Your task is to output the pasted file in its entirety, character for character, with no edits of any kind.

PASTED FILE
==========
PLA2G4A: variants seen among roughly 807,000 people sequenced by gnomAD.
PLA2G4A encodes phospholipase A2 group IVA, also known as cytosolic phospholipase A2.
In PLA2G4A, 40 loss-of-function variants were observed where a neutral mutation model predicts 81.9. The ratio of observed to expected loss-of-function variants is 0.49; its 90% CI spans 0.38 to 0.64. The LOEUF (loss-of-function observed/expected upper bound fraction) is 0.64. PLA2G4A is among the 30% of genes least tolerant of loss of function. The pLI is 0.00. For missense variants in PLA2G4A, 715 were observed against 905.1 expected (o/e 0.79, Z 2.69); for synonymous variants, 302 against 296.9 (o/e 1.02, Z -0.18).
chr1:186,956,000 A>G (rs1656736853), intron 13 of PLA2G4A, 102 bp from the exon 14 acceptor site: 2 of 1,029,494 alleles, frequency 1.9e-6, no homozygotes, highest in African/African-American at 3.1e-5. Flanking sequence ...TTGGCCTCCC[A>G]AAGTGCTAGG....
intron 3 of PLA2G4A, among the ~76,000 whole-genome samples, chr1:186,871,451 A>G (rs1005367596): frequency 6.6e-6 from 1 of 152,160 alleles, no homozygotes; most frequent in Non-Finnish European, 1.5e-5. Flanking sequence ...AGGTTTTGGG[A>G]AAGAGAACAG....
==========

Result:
PLA2G4A: variants seen among roughly 807,000 people sequenced by gnomAD.
PLA2G4A encodes phospholipase A2 group IVA, also known as cytosolic phospholipase A2.
In PLA2G4A, 40 loss-of-function variants were observed where a neutral mutation model predicts 81.9. The ratio of observed to expected loss-of-function variants is 0.49; its 90% CI spans 0.38 to 0.64. The LOEUF (loss-of-function observed/expected upper bound fraction) is 0.64. PLA2G4A is among the 30% of genes least tolerant of loss of function. The pLI is 0.00. For missense variants in PLA2G4A, 715 were observed against 905.1 expected (o/e 0.79, Z 2.69); for synonymous variants, 302 against 296.9 (o/e 1.02, Z -0.18).
chr1:186,956,000 A>G (rs1656736853), intron 13 of PLA2G4A, 102 bp from the exon 14 acceptor site: 2 of 1,029,494 alleles, frequency 1.9e-6, no homozygotes, highest in African/African-American at 3.1e-5. Flanking sequence ...TTGGCCTCCC[A>G]AAGTGCTAGG....
intron 3 of PLA2G4A, among the ~76,000 whole-genome samples, chr1:186,871,451 A>G (rs1005367596): frequency 6.6e-6 from 1 of 152,160 alleles, no homozygotes; most frequent in Non-Finnish European, 1.5e-5. Flanking sequence ...AGGTTTTGGG[A>G]AAGAGAACAG....